Many decisions we make are big ones and some can be life changing So how can we make sure we’re making a good choice?
First of all, there isn’t always a wrong or right answer. Few things in life are black and white. We will all have preconceptions and prejudices that colour our perspective on a situation.
We’ve thought of a few pitfalls to avoid during the decision-making process:
Sampling and misrepresentation
In 1998, Dr Andrew Wakefield published a study in the Lancet medical journal that identified a link between the measles, mumps and rubella (MMR) vaccine and an increased chance of developing autism. As a result of this ‘finding’, vaccine rates in the UK dropped by as much as 20% over the following decade, leading to outbreaks of all three diseases.
Having examined a sample of children far too small to base scientific conclusions on, failed to gain ethical approval or relevant qualifications, and taken money from lawyers involved in suing the vaccine companies, Wakefield’s research was disproved, and he was accused of over 30 counts of misconduct and struck from the register by the General Medical Council.
This example,and the ongoing worldwide debate about misrepresentation of information used in support of political campaigns, highlights the importance of ensuring the validity of the information we use to make decisions.
Lost in translation
Interpretation of the same information can vary greatly, depending on culture, tone or even the body language with which it is conveyed. For example, in some countries, it would be considered a compliment to remark on how much weight someone has put on, while in western culture, it is seen as terribly rude. It is important that we are familiar with the environment that the decision will impact as this could influence your approach, as well as the intended outcome.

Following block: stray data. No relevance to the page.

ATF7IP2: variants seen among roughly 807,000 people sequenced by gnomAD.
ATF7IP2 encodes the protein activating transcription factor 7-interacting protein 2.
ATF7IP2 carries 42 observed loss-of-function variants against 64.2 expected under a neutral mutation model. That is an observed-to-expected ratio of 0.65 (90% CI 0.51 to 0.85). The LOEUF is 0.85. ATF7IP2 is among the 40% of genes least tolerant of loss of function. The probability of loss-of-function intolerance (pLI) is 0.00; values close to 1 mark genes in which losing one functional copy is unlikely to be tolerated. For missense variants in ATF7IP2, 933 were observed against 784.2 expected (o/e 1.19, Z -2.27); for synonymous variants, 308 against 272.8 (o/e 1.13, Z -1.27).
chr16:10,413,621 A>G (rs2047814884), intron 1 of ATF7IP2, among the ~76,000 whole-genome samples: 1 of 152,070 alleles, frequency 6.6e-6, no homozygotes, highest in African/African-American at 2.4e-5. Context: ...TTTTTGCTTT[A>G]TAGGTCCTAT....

Jumping to conclusions
The Legend of Llyweyln tells of a Welsh prince who came home to find his dog covered in blood and ran it through with his sword, assuming it had killed his infant son. As the dog lay dying, he heard a cry and discovered the baby alive and well beside the body of a wolf that the dog had slain to protect the child. By making a judgment, and subsequent decision, based on little or no evidence, we can make choices that can be difficult to undo.
Jumping to conclusions is often described as a cognitive distortion – a process of irrational thinking that forms the basis of many mental health problems and is the primary target of Cognitive Behavioural therapy (CBT). Rational decision making takes a step-by-step approach to consider relevant information, as well as possible outcomes and alternatives.
Whatever business decision you make, chose wisely. Think you might have made a mistake? Don’t panic, many mistakes are rectifiable. Read our next blog on what to do if you make the wrong decision.
Other articles in this series on decision making can be found HERE.
Performance – Workplace Development offers:
- Workshops to help raise you team’s self-awareness and identify how their perception may influence the decisions they make.
- A Problem Solving and Decision Making course
Our Contact Information is below, or use the Contact Menu above. Let’s talk about the challenges your face, and see if we can help.